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Photo of Dr Lalita Saharan

Dr Lalita Saharan

Research Fellow


MIET PhD Material Science MSc Nanotechnology BSc Phys(Hons) 


Research Interests

The major aspect of Dr Saharan's research work is the theoretical study of the various materials and computational design of the future devices. Dr Saharan's key projects are follows:

Thermoelectronic devices: Thermoelectronic is a class of materials that can convert heat energy directly into electrical energy with the help of thermal energy carried by electrons and holes. Thermoelectric are currently used in application ranging from thermocouple sensors to solar power generators. We are doing the modelling of thermoelectric advanced nanomaterial's for the their application in next generation optoelctronic design for wearable advanced flexible technology (WAFT) together with University of Oxford and University of Southampton.

Heat induced phase change exchange coupled composite media (HIP-ECC): In this project we aim to develop a novel ECC material to be used a magnetic recording media. Which is capable of achieving high areal density by avoiding the super-paramagnetic limit. We investigate new possibility of creating a thermally induced controlled ECC/graded media system, together with University of Manchester and Seagate Technology.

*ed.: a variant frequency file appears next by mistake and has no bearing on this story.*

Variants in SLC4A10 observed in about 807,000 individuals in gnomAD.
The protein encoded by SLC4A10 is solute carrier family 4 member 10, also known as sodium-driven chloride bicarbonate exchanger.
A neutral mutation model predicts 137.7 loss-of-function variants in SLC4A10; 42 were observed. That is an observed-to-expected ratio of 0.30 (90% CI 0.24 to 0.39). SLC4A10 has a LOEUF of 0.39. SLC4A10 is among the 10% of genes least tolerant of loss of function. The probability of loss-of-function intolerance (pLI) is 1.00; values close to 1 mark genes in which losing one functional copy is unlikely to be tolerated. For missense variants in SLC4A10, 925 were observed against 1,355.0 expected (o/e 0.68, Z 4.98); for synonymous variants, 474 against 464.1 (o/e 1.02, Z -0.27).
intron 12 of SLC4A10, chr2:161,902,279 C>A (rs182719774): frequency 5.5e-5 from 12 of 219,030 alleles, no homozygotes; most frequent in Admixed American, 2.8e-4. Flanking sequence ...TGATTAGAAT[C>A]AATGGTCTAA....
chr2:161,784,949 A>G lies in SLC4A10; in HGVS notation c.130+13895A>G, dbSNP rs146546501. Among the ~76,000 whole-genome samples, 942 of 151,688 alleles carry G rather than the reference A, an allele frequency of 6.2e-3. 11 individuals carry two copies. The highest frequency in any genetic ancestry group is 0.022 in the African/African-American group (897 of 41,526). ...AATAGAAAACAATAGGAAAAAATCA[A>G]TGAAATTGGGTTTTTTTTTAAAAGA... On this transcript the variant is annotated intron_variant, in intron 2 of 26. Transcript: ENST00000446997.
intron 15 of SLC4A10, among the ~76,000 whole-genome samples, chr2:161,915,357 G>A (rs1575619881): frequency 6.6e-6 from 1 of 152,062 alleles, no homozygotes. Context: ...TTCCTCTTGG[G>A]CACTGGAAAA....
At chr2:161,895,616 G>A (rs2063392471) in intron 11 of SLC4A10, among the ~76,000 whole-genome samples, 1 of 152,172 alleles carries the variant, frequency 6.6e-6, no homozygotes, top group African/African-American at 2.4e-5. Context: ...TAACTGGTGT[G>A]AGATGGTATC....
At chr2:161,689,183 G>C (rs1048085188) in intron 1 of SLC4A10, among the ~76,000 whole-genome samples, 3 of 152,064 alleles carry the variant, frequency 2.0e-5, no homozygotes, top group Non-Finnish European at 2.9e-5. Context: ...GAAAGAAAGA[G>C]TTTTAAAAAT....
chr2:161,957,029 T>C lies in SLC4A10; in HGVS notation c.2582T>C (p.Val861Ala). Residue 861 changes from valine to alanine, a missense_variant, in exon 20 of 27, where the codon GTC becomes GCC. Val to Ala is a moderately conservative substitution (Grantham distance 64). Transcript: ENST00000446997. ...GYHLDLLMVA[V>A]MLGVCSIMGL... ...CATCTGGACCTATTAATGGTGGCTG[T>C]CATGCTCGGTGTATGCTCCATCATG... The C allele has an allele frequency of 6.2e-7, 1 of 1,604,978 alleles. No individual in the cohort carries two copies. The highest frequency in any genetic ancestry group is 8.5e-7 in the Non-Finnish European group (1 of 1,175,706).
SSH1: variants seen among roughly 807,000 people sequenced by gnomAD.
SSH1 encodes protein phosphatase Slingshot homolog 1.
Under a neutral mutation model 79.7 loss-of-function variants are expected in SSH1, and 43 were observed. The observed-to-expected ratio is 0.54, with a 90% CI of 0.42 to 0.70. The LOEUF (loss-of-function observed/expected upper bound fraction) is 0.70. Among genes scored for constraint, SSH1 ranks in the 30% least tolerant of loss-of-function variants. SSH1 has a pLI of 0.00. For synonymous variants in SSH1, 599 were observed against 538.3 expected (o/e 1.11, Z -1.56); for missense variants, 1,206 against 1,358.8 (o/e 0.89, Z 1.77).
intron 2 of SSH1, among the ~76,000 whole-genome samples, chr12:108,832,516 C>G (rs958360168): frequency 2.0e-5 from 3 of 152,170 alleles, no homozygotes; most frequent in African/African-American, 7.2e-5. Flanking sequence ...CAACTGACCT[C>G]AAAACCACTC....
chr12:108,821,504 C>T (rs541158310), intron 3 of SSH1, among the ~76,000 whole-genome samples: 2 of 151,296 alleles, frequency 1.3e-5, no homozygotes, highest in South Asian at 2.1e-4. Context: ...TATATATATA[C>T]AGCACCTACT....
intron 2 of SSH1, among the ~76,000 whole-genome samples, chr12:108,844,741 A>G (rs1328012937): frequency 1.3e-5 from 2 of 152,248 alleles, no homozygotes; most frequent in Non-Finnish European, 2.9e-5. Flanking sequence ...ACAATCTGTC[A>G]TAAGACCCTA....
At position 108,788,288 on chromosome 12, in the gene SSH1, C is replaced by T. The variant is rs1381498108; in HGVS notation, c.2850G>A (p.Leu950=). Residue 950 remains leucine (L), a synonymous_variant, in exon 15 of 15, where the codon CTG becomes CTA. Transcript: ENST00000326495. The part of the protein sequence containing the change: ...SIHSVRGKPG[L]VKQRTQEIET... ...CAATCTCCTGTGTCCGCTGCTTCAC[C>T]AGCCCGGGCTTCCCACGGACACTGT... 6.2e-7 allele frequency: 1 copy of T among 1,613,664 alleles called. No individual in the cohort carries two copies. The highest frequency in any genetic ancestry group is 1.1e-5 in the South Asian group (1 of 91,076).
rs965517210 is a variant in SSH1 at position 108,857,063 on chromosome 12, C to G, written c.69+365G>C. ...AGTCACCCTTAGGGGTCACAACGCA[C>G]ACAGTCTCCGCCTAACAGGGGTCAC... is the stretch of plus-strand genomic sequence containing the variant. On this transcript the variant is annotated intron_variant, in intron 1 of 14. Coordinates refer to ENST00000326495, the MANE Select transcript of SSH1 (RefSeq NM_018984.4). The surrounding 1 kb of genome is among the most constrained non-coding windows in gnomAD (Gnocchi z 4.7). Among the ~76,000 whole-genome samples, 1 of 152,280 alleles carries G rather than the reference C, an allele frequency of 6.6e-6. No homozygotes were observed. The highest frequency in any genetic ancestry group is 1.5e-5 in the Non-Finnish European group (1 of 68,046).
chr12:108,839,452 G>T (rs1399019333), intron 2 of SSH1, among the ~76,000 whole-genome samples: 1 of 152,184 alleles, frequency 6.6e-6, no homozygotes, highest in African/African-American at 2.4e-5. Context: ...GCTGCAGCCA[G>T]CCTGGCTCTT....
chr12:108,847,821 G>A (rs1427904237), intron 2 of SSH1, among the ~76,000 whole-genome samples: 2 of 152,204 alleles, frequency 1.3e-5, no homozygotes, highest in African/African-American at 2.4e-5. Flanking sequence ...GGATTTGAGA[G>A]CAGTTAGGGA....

Simulations of Exchange Spring constant thin films for recording media: This project focuses on the simulation of exchange spring media with an in detail discussion of inter- and intra exchange effects at finite temperatures. The work concentrates particularly on how the magnetization reversal process changes as a function of temperature (150 K – 450 K), grain boundary interactions and exchange spring thickness. A key aspect of our proposed work will be to determine energy barriers in the presence of sub-switching fields. This is a vital question for data storage as recorded data must be stable in the presence of stray fields, such as demagnetizing fields from neighbouring bits, external fields or fields from a write head writing an adjacent track (adjacent track erasure).

Spin-torque switching of MRAM cells: In this project we performed micromagnetic modelling of MRAM cells. The aim of the project was to increase the areal density of MRAM cells. One possibility to increase the areal density is to use spin polarized current instead of applied fields to switch the magnetization in MRAMs. But the use of spin-polarized current leads to very high critical switching current densities. In this work we proposed to apply a microwave field along with the spin-polarized current to reduce the critical current density. We showed that by applying a microwave field the critical switching current density can be reduced by a factor of 21% compared to the threshold critical switching current density in the absence of such a field.

A corssectional comparative analysis of different haemodynamic variables: Haemodynamics, morphological and structural factors are believed to play an important role in the formation, growth and rupture of cerebral aneurysms. However, due to lack of well-designed studies in the field, definite evidence is missing. The study was designed to compare the different computed variables for aneurysms of gradually increasing size to establish a statical correlation between the size of an aneurysm and these variables.